This species (Hibiscus trionum) is named “Flower-of-an-Hour” because its flowers remain open only for a few hours during daytime.
It is not a native plant. Spreading to tobacco fields and other crops, this species is somewhat of a mystery. Occasionally a single plant may be found surrounded by a field of unrelated species. Just how the Flower-of-an-Hour became established in a farmer's fields leads one to think of various causes: was it brought in by wind, birds, or imported hay from distant out-of-state fields? Perhaps it was a stray from a nearby flower garden.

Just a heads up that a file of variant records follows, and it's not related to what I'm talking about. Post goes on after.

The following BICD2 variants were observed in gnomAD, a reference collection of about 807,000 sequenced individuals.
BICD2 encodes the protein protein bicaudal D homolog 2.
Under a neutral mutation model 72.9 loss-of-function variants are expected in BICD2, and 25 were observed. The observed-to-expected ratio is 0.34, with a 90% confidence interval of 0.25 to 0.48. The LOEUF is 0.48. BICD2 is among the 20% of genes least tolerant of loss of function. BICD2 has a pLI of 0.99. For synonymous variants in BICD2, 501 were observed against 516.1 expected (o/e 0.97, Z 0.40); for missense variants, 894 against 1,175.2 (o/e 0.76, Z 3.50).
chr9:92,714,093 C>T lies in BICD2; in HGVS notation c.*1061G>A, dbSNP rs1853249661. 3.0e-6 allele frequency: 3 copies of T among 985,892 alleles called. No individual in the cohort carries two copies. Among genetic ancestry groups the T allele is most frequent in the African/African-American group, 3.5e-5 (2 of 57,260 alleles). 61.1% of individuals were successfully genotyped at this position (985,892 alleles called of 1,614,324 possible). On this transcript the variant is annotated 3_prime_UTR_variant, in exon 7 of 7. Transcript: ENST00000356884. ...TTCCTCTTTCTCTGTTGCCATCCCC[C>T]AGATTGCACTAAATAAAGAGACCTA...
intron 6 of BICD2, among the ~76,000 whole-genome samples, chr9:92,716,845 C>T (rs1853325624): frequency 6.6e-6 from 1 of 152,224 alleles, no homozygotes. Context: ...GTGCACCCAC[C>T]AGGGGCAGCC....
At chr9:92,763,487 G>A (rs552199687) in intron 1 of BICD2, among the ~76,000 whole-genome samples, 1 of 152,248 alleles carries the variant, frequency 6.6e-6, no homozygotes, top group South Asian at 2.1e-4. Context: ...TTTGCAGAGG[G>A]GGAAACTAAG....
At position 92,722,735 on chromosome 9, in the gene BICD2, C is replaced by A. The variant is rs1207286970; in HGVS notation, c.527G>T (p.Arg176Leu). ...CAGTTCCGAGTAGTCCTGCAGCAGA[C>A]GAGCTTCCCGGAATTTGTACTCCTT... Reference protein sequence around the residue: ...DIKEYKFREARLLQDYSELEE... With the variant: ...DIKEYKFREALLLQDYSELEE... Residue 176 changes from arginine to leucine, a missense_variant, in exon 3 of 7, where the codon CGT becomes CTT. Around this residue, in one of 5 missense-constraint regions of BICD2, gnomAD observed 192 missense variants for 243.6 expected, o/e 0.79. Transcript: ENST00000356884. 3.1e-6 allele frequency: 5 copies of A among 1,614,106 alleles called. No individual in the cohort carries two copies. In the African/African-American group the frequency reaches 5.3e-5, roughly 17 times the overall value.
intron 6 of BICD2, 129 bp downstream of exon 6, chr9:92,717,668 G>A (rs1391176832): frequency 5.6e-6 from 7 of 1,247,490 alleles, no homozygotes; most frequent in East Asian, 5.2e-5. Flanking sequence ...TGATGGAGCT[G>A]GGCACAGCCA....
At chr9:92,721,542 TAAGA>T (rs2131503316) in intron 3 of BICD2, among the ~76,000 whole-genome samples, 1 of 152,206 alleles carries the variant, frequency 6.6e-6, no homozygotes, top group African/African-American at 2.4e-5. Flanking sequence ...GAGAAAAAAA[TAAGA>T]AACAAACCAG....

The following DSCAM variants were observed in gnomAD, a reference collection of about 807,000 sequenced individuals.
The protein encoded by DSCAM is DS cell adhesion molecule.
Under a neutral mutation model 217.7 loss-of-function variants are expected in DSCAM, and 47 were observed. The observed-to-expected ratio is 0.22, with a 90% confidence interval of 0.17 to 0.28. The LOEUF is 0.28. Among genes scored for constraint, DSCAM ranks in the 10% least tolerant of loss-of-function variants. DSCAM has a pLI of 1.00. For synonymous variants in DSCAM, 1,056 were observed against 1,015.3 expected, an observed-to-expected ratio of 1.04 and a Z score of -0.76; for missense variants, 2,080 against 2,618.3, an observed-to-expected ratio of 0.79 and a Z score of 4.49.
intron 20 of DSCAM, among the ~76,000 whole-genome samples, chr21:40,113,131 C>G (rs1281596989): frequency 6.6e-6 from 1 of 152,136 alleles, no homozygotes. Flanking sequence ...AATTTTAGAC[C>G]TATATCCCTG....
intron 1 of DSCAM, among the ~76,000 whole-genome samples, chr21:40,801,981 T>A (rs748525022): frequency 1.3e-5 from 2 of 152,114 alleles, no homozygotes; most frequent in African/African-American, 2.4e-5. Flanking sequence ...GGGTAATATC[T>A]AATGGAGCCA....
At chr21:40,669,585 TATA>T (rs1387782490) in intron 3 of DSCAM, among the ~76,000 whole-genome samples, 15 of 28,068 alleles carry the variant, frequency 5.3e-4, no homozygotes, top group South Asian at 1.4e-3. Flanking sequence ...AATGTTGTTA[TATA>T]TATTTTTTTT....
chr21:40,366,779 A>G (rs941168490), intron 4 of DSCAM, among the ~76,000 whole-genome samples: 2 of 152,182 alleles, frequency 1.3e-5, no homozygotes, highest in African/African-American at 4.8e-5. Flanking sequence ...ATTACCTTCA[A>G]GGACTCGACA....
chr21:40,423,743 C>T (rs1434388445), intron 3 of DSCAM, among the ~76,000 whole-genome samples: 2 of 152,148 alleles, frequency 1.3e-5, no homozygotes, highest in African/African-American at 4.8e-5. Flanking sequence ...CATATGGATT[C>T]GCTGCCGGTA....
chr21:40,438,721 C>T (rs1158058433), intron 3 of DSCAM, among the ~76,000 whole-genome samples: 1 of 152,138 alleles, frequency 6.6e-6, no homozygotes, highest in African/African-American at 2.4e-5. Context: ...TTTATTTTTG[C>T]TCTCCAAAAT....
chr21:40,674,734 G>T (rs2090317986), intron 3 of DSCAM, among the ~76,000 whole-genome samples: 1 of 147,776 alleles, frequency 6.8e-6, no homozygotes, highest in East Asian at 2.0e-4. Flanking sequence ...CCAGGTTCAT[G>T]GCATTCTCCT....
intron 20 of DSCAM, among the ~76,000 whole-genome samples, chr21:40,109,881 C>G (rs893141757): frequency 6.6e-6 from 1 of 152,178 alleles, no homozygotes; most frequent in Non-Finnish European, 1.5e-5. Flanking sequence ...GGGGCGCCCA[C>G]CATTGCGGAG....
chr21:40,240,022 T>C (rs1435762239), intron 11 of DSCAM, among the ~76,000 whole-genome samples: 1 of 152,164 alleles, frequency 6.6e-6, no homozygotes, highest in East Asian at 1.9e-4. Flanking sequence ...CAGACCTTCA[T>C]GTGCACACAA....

Whatever, this species is a low spreading plant, having pale-yellow flowers with a dark center. Here is an enchanting member of the Hibiscus genus that may surprise our expectations. After all, unlike the Flower-of-an-Hour, the tall shrubby Rose-mallow, Rose of Sharon, and Hibiscus plants don't conceal their beauty as the result of a low profile.
Copyright © 2003 William T. Hathaway.